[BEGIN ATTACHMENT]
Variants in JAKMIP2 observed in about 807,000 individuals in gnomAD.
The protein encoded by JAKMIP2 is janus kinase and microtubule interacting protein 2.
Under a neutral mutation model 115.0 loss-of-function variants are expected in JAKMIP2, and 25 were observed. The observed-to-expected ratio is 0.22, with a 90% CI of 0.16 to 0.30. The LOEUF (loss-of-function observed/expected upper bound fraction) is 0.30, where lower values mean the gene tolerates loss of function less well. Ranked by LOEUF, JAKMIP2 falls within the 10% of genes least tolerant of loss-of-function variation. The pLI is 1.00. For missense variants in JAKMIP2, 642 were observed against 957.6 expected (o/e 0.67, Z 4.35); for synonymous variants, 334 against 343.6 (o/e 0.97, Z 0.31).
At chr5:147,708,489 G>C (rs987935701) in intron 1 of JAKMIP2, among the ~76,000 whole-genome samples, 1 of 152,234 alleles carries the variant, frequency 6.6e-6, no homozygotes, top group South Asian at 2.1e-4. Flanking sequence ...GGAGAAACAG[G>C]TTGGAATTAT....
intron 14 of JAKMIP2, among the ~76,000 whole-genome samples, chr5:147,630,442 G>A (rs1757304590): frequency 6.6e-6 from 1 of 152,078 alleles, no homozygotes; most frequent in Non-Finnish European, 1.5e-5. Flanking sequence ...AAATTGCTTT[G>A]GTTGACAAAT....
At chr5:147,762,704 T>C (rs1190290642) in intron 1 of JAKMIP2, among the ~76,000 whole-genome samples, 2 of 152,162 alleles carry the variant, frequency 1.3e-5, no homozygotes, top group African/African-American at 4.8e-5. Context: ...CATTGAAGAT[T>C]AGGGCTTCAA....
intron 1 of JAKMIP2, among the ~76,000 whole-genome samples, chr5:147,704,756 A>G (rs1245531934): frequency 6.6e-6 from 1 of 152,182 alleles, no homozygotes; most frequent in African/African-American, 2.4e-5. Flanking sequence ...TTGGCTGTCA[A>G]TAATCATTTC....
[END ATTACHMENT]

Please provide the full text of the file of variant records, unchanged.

Variants in JAKMIP2 observed in about 807,000 individuals in gnomAD.
The protein encoded by JAKMIP2 is janus kinase and microtubule interacting protein 2.
Under a neutral mutation model 115.0 loss-of-function variants are expected in JAKMIP2, and 25 were observed. The observed-to-expected ratio is 0.22, with a 90% CI of 0.16 to 0.30. The LOEUF (loss-of-function observed/expected upper bound fraction) is 0.30, where lower values mean the gene tolerates loss of function less well. Ranked by LOEUF, JAKMIP2 falls within the 10% of genes least tolerant of loss-of-function variation. The pLI is 1.00. For missense variants in JAKMIP2, 642 were observed against 957.6 expected (o/e 0.67, Z 4.35); for synonymous variants, 334 against 343.6 (o/e 0.97, Z 0.31).
At chr5:147,708,489 G>C (rs987935701) in intron 1 of JAKMIP2, among the ~76,000 whole-genome samples, 1 of 152,234 alleles carries the variant, frequency 6.6e-6, no homozygotes, top group South Asian at 2.1e-4. Flanking sequence ...GGAGAAACAG[G>C]TTGGAATTAT....
intron 14 of JAKMIP2, among the ~76,000 whole-genome samples, chr5:147,630,442 G>A (rs1757304590): frequency 6.6e-6 from 1 of 152,078 alleles, no homozygotes; most frequent in Non-Finnish European, 1.5e-5. Flanking sequence ...AAATTGCTTT[G>A]GTTGACAAAT....
At chr5:147,762,704 T>C (rs1190290642) in intron 1 of JAKMIP2, among the ~76,000 whole-genome samples, 2 of 152,162 alleles carry the variant, frequency 1.3e-5, no homozygotes, top group African/African-American at 4.8e-5. Context: ...CATTGAAGAT[T>C]AGGGCTTCAA....
intron 1 of JAKMIP2, among the ~76,000 whole-genome samples, chr5:147,704,756 A>G (rs1245531934): frequency 6.6e-6 from 1 of 152,182 alleles, no homozygotes; most frequent in African/African-American, 2.4e-5. Flanking sequence ...TTGGCTGTCA[A>G]TAATCATTTC....